Real gangster style doesn’t always mean tuxedos and fedoras, but that being said, the gangsters of our time hold a certain finesse. Whether it is the well fitting suits they seem to posses, or the confidence and charisma they carry, gangsters are amongst the best dressed.

While you’re usually more focussed on the crime and drama that surrounds these films, we’ve taken notice of the best dressed too. Scroll below for our picks, and exactly how you can translate their style into your own sartorial kit.

Chasing the Dragon (2017)

Chasing The Dragon (2017) directed by Wong Jing and Jason Kwan. Credit: Stream On Demand

Named after a euphemism for heroin addiction and constantly chasing the next high, Chasing the Dragon follows the rise of ’70s Hong Kong’s most notorious drug lord. It’s a movie of excess, befitting the extremes of the era: extreme violence, extreme poverty, extreme corruption, extreme wealth, and of course, extreme style.

Andy Lau makes his appearance on screen in a covetable collection of luxurious three-piece suits, complete with just about every menswear accessory possible, from pocket squares, to tie bars, to gold-chained collar pins. Only Lau, Asia’s ’90’s heartthrob, could make these near fashion faux pas look more than acceptable.

But it’s our favourite leading (Ip) Man, Donnie Yen, as the notorious “Crippled Ho”, who earns the film a place on this list. If a fashion makeover is what you’re looking for, then wait till you see Yen’s transformation from street rat to drug lord. Ditching dingy old shirts for ’70s extravagance, complete with a slick blowout and a heavy-duty walking stick with a gold grip (that doubles as a solid melee weapon), Ho is a total baller if we’ve ever seen one.

So you think American gangsters are badass? You ain’t seen nothin’ yet.

Once Upon a Time in America (1984)

Once Upon A Time in America (1968) directed by Sergio Leone. Credit: Warner Bros

This movie is possibly the best on this list, we don’t care what anybody else says. There’s family, there’s betrayal, and there’s even young beautiful women kissing ugly old guys (c’mon, as if that doesn’t bring your hopes up).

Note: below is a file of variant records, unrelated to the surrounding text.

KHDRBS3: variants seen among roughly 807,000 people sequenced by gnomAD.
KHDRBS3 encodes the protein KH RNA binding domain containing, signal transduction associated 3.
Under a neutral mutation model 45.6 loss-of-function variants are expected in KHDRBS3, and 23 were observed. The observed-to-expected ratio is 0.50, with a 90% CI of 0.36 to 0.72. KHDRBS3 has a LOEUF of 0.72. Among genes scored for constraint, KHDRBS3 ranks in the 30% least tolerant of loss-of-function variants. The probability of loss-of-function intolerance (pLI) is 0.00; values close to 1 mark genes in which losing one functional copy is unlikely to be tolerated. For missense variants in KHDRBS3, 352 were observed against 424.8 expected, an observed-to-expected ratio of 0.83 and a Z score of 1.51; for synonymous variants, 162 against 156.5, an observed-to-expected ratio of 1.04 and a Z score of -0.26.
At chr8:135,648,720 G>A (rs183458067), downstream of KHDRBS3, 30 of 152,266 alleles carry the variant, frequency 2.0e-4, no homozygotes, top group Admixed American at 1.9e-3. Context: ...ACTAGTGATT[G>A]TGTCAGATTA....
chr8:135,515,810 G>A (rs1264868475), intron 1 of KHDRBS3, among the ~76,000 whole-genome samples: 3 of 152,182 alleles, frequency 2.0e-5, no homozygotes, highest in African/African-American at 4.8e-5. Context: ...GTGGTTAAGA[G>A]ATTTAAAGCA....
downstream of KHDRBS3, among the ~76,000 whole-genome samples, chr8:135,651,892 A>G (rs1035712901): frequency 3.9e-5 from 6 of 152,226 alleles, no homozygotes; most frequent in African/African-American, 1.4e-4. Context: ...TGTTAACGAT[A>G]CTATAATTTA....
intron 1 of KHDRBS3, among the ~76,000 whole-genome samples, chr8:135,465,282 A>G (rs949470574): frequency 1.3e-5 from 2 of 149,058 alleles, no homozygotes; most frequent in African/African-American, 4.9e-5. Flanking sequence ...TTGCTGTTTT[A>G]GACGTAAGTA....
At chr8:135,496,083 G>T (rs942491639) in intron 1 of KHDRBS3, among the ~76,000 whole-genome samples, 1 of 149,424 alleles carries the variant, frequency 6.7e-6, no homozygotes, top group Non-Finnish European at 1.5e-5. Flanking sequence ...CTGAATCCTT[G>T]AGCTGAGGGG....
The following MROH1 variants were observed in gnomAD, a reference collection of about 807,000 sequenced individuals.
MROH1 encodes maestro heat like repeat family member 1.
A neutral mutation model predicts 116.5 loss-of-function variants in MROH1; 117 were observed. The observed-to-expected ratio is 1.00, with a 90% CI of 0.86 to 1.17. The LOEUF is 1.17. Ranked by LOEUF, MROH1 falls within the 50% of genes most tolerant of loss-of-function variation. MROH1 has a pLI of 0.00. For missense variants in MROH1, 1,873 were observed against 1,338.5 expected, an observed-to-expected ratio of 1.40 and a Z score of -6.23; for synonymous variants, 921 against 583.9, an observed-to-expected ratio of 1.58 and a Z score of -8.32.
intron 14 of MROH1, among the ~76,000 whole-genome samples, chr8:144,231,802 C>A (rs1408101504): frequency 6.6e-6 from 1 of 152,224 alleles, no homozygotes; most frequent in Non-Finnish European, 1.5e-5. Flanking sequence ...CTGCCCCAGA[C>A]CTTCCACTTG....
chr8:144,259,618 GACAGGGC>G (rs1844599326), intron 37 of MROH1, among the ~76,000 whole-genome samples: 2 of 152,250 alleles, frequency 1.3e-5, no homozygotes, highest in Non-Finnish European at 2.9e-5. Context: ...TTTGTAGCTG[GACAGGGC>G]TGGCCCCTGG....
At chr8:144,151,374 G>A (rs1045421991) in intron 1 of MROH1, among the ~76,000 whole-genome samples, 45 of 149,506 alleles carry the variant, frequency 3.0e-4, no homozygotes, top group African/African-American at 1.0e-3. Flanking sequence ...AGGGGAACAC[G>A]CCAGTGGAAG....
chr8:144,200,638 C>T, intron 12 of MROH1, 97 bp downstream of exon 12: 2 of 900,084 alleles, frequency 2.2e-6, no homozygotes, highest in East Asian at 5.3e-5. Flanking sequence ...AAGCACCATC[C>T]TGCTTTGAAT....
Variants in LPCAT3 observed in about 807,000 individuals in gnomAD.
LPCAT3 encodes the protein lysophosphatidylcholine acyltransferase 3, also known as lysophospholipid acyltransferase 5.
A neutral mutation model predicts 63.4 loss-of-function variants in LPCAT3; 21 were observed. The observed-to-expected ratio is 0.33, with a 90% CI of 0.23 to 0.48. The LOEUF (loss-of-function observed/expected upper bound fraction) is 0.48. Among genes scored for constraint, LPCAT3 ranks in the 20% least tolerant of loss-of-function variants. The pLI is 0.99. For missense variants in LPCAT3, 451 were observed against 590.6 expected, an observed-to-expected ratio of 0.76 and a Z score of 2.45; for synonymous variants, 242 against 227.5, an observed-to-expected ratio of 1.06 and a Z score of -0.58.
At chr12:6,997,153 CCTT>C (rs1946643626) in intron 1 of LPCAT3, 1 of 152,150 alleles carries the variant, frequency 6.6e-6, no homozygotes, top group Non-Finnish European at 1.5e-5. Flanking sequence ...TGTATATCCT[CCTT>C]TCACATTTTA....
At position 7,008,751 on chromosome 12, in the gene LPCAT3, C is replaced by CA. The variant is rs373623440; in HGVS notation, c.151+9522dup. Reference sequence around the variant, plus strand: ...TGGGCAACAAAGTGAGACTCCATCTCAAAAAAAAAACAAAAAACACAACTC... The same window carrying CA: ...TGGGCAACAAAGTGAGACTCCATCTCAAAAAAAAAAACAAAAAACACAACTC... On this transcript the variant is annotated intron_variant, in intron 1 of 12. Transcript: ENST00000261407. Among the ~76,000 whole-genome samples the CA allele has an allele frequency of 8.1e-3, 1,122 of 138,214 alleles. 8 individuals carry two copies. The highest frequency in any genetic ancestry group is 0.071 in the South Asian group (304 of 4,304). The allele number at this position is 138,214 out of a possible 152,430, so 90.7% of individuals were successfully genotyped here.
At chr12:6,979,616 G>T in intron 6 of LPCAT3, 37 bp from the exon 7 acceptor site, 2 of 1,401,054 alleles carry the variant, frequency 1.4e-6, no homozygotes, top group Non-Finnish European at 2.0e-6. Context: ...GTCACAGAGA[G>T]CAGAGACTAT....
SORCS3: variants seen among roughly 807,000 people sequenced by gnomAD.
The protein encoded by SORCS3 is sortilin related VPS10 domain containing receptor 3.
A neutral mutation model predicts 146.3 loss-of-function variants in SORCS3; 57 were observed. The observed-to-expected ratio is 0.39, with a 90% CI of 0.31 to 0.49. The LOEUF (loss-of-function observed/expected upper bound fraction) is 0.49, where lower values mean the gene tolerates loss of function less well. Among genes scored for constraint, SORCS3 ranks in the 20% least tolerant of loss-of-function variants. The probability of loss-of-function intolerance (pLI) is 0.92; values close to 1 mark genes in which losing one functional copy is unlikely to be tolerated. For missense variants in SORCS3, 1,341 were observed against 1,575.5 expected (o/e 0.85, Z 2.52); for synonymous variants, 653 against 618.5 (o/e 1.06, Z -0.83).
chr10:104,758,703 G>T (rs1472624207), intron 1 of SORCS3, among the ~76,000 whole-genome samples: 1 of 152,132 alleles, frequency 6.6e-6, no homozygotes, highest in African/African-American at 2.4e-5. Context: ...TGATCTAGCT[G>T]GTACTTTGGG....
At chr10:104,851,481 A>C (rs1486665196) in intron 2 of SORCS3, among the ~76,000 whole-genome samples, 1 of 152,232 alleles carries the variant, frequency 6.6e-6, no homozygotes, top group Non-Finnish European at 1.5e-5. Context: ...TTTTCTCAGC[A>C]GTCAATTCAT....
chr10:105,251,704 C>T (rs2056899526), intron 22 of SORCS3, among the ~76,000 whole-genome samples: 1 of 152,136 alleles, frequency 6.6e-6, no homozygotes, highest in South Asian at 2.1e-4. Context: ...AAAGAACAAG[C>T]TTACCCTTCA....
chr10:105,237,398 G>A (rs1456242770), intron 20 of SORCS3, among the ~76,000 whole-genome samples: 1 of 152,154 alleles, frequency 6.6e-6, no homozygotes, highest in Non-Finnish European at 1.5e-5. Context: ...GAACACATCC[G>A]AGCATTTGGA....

But the best thing is that these gangster guys know how to dress themselves. Ain’t none of those overdone spearpoint collar shirts with piss pot 11cm wide four-in-hand ties bullshit that’s in every single movie from the ’70’s. Nah bro, you see Sergio Leone dressed the guys in black tie with wing tip collars all the way to black wife beaters poolside. This movie has real people with real style. A young Robert De Niro bashing a guy wearing a white shirt with a collar pin holding up his god damn tie?  Like c’mon the guy is bleeding out and he still got his jacket on like a real g.

It goes to show you can be a gangster, as long as you wear it like a gangster.

Road to Perdition (2002)

Road to Perdition (2002) directed by Sam Mendes. Credit: 20th Century Fox

A man turns and assesses his son in the passenger seat of the car. The journey to Chicago will be long and tough and there are dangerous men following them.  Will his son be strong enough for the journey ahead? Will he avenge the murder of his mother and brother? Will his soul stay pure?

The man is Irish mob enforcer Michael Sullivan. And the film is Sam Mendes’s Road to Perdition.